Optics Center to Build New Laser Lab

July 16, 2004

A $510,500 grant from the M.J. Murdock Charitable Trust will help scientists at the University of Oregon's Center for Optics (OCO) jump to a new level in the quest to manipulate light and matter at the atomic level.

The grant, coupled with a $600,000 investment by the university, will build and equip a research lab quiet enough and clean enough to allow researchers to probe and control the behavior of atoms, semiconductors and nanometer-thin metal films.

The university's new Laboratory for Quantum Control, the first of its kind in Oregon, will enable the UO group to carry out original experiments at an internationally competitive level, says physics professor Michael Raymer. He and Andrew Marcus, associate professor of chemistry, are the new lab's principal investigators.

"It's absolutely clear that basic discovery now leads directly to new technologies in the future," Raymer says. "The cutting-edge science that is going on now will lead to inventions that we can't even imagine."

Raymer says quantum control is essential if the semiconductor industry is to keep up with the demand for increased capacity. According to Moore's Law, the capacity of chips to hold information doubles every 18 months.

"We're already down to the level where quantum effects are in play," Raymer says. "Within three to five years, the size of each circuit element is going to be on the nanometer scale, where quantum effects begin to be important."

The theory of quantum mechanics describes systems that don't fit into our every day experience as defined by Newtonian physics.

"Electrons don't exist in the same way that our intuition tells us that they ought to, and their behavior doesn't map onto space and time the way that an apple falls from a tree," Marcus explains. "All the rules change as we enter the quantum level. We're discovering whole new ways to think about information."

The new Laboratory for Quantum Control will be a part of the university's Oregon Center for Optics, which contributes to ONAMI, the Oregon Nanoscience and Microtechnologies Institute, a collaboration involving the University of Oregon, Oregon State University, Portland State University, the Pacific Northwest National Laboratory, the state of Oregon and private industry.

The new temperature-controlled laboratory will be equipped with two state-of-the-art laser systems allowing the UO scientists to probe into the structure and dynamics of matter and light. Using new insights from these studies, they hope to conduct research that leads to increased computer capability, improved optical-fiber communications, control of chemical reactions and new forms of electronics.

Leading-edge research in this area involves controlling atoms and molecules by using ultrashort light pulses with durations comparable to the shortest light pulses available--as short as 10-14 seconds (one-hundredth of a millionth of a millionth of a second). These can be provided by recently developed laser technology, which will form the centerpiece of the laboratory.

When complete in early 2005, the new lab in Klamath Hall will house the custom-built laser systems as well as all of the lasers currently used in Marcus' labs.

Raymer, a founding member of the Oregon Center for Optics, specializes in quantum and classical optical phenomena. Marcus specializes in single molecule and ultrafast laser spectroscopy. Other faculty members who also will participate in the new facility include Tom Dyke, a chemistry professor; Miriam Deutsch, assistant professor of physics; Stephen Gregory, associate professor of physics; and Hailin Wang, associate professor of physics. The M.J. Murdock Charitable Trust was created by the will of the late Melvin J. (Jack) Murdock, a co-founder of Tektronix, Inc., of Beaverton, Ore.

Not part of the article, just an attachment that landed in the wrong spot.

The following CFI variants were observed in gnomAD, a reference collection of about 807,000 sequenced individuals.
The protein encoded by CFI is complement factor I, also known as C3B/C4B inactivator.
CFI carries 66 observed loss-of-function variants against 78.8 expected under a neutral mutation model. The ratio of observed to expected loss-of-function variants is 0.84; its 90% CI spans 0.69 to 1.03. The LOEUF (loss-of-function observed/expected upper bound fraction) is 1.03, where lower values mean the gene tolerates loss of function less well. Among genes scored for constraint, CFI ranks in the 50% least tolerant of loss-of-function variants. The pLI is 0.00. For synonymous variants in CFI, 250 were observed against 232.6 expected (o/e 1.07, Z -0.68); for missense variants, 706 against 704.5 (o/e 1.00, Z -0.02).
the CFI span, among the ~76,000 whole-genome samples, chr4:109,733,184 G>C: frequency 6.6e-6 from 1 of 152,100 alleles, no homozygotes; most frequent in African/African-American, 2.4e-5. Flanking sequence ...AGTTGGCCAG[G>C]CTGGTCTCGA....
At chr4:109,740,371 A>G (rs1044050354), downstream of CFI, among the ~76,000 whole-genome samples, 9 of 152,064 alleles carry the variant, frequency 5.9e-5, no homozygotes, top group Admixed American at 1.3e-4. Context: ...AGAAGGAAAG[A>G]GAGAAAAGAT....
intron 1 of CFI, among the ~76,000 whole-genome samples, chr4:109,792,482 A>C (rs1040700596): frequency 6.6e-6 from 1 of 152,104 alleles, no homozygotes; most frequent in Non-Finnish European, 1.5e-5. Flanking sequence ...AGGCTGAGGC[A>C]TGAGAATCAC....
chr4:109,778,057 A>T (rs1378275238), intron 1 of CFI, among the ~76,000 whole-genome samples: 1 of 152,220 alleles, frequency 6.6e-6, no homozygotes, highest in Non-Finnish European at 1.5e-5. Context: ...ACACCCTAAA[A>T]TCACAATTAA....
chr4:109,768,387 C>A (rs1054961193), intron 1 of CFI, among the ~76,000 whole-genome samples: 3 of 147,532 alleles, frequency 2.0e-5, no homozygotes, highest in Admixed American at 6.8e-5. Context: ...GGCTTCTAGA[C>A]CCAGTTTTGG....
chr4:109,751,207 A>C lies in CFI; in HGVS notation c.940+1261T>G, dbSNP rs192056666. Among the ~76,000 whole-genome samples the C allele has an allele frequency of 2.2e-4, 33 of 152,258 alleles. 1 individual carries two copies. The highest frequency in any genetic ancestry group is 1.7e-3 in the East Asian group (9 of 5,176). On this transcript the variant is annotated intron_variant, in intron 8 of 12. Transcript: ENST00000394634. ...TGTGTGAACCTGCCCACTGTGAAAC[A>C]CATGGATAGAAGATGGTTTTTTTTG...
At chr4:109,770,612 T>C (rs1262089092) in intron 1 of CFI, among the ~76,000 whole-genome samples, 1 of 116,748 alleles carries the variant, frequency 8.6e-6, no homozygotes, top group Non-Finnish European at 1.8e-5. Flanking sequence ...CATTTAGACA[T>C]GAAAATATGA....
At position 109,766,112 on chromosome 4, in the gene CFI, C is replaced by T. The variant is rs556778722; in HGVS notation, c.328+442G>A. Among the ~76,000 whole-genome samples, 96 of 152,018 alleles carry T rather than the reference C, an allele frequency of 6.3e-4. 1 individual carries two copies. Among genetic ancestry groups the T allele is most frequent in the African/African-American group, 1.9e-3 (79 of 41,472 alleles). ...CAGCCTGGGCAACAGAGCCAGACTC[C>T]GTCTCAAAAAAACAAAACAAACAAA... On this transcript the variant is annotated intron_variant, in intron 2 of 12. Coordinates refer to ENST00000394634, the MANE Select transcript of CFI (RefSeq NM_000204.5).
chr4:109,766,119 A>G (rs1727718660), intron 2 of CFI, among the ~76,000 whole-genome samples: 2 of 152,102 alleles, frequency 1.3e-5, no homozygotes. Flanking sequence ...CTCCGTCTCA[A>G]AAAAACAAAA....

"This latest award reflects the Murdock Charitable Trust's commitment to helping the University of Oregon create world-class scientific instrumentation facilities," says Richard Linton, UO vice president for research and graduate studies. "We expect the investment in this new laboratory to cement the UO's position as a leading research center in this branch of nanoscience for years to come."

Source: University of Oregon

Explore further: New approach improves ability to predict metals' reactions with water

Related Stories

'Quantum dot' technology may help light the future

August 19, 2015

Advances at Oregon State University in manufacturing technology for "quantum dots" may soon lead to a new generation of LED lighting that produces a more user-friendly white light, while using less toxic materials and low-cost ...

NREL invention speeds solar cell quality tests

July 12, 2011

To come up with a way to do something 1,000 times faster than it had been done in the past, you have to count on some serendipity -- not to mention hard work, collaboration and good timing.

Recommended for you

Hot spot at Hawaii? Not so fast

August 18, 2017

Through analysis of volcanic tracks, Rice University geophysicists have concluded that hot spots like those that formed the Hawaiian Islands aren't moving as fast as recently thought.

Evidence found of white dwarf remnant after supernova

August 18, 2017

An international team of space scientists has found evidence of what they believe is a remnant of a type Iax supernova—a white dwarf moving in a way that suggests it was blown across part of the universe by the power of ...


Please sign in to add a comment. Registration is free, and takes less than a minute. Read more

Click here to reset your password.
Sign in to get notified via email when new comments are made.